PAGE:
The pattern room marks the inception of all Cheaney shoes and is a hub of creativity, design and innovation. For this weeks Factory Friday, I decided to pay a visit to the epicenter of our factory and catch up with Design and Technical Manager, Chris Munns.
As the designer of Cheaney’s collections, it must be pretty difficult for you to have a favourite, but is there a style that sticks out in particular that is a firm all-rounder for you?
If I had to choose one it would be the Jarrow country derby boot in black chromexcel leather. It’s a new colour option for the Autumn Winter ’18 collection as the English Tan and Chicago Tan versions of Jarrow have been very popular in previous seasons. The leather ages with wear and gives the boots a distressed, vintage look which I really like. The nature of chromexcel leather is that it creases and results in a tonal effect throughout the product and I really like this worn-in look.
What would a typical day look like for you?
I have to juggle my time around the factory so no two days are the same. I can be working on a new range, designing one day and then overseeing pattern cutting and checking on the progress of samples in the factory the next. I’m not usually sat at my desk for very long, I’m always moving around the factory.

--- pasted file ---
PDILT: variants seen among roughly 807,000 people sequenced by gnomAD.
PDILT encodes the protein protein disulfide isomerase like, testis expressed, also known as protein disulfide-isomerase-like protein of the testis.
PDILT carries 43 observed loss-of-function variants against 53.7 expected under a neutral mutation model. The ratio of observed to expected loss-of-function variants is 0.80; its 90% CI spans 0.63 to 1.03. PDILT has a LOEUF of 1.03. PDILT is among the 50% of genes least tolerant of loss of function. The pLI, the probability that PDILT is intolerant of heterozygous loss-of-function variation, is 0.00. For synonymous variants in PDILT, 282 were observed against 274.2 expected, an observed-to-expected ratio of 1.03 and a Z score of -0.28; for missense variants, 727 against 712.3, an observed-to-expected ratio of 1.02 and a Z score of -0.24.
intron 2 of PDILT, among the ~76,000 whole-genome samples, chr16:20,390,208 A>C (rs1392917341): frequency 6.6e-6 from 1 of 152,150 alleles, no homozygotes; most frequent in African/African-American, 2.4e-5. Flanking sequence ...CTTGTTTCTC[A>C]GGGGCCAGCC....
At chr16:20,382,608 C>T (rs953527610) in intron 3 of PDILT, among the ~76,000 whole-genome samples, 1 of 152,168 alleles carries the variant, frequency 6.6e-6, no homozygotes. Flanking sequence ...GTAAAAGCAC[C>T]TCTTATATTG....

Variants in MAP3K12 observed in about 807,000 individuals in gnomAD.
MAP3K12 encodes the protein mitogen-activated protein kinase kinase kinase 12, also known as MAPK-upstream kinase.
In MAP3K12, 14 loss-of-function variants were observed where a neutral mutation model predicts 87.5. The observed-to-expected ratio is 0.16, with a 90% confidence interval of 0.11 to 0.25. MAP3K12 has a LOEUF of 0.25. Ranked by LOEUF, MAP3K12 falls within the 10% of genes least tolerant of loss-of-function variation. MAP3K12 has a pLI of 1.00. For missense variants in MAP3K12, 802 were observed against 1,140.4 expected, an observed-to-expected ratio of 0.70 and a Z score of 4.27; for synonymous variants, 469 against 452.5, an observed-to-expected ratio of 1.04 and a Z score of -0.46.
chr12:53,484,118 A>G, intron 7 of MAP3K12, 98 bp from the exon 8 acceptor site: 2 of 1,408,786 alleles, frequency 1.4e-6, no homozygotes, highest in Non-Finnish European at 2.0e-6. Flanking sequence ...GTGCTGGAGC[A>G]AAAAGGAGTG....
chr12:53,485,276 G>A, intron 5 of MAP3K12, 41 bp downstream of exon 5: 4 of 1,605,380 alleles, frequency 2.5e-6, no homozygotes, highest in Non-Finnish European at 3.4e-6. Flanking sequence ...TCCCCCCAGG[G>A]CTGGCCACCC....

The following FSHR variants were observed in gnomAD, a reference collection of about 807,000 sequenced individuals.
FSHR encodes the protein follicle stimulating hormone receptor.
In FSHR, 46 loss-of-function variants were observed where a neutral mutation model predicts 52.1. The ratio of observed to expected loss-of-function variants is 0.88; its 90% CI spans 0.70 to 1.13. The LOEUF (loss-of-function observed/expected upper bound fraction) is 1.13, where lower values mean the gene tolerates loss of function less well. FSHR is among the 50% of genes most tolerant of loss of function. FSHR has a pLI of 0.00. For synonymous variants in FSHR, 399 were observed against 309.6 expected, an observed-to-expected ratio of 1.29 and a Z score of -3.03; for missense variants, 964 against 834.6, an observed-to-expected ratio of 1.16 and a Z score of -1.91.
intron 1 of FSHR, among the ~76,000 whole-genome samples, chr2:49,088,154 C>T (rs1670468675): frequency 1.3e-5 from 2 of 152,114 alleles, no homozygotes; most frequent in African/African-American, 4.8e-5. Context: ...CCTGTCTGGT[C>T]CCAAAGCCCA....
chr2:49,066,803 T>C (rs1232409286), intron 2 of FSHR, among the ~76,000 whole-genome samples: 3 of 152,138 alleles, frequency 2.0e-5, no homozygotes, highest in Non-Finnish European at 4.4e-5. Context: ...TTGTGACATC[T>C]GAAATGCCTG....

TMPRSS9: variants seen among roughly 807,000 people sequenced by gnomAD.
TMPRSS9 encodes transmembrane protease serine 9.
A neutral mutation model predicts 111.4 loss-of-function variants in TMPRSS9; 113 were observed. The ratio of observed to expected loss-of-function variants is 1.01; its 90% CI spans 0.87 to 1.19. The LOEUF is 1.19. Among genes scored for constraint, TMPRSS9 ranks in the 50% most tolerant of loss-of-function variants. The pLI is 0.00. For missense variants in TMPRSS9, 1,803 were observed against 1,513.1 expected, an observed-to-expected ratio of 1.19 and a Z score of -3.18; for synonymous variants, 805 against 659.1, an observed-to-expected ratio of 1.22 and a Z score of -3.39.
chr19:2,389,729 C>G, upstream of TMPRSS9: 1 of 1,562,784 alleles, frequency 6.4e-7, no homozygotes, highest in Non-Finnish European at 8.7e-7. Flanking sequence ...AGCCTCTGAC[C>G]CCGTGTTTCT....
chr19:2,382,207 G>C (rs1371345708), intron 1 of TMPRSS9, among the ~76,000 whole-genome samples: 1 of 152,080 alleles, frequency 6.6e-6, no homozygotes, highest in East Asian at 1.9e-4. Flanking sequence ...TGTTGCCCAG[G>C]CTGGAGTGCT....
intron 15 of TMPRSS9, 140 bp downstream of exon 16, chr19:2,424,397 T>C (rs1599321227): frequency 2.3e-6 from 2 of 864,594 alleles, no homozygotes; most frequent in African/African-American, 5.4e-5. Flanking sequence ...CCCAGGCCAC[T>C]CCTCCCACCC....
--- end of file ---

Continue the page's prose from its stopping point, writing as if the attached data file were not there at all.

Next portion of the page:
What’s the best/most interesting thing about your job?
Coming to the end of a season is quite a satisfying part of my job as I get to see all the packs of shoes finished and physically in front of me. They’ve gone from being 2D interpretations and sketches to materializing in to the product which ends up online and in stores. I still get a buzz when I see a range of shoes that has come out ‘just right.’
What would your advice be to someone looking to pursue a similar career to yourself?
Where possible, visit a factory and spend time in the different departments, see how shoes are put together if you can. From a design perspective, it is important to see pattern cutting and just having an avid interest and drive will be a good starting point, but you really need to see it for yourself.
What is your career background prior to Cheaney?
I left school and went to Wellingborough footwear college and spent half a day a week at Cheaney getting experience in the industry. After college I became a staff trainee at Cheaney and then spent time in the closing room before pattern designing. I spent 7 years here before transitioning to Dr. Martens where I was a pattern cutter, progressing to a developer. I then came back to Cheaney to the job that I currently have now.
On a personal note, what do you think you would be doing if you weren’t working in footwear?
That’s a hard question to answer as I have always been in the footwear industry, as have most of my family including my grandfather who ran a shoe repair company in Kettering. I don’t think I could really imagine doing anything else! I really like what I do.
Given your lengthily experience and expertise within this industry, do you think there has been an increased demand for British made products in recent years?
Certainly I think that there has been more of a shift towards customers wanting to know where their products have come from. The origin of manufacture is important to consumers and I think that our customers enjoy the fact that we make Cheaney shoes in our Desborough factory, right here in the UK. We’ve seen a demand for our shoes grow overseas as British heritage has a widespread appeal, which goes beyond our own shores.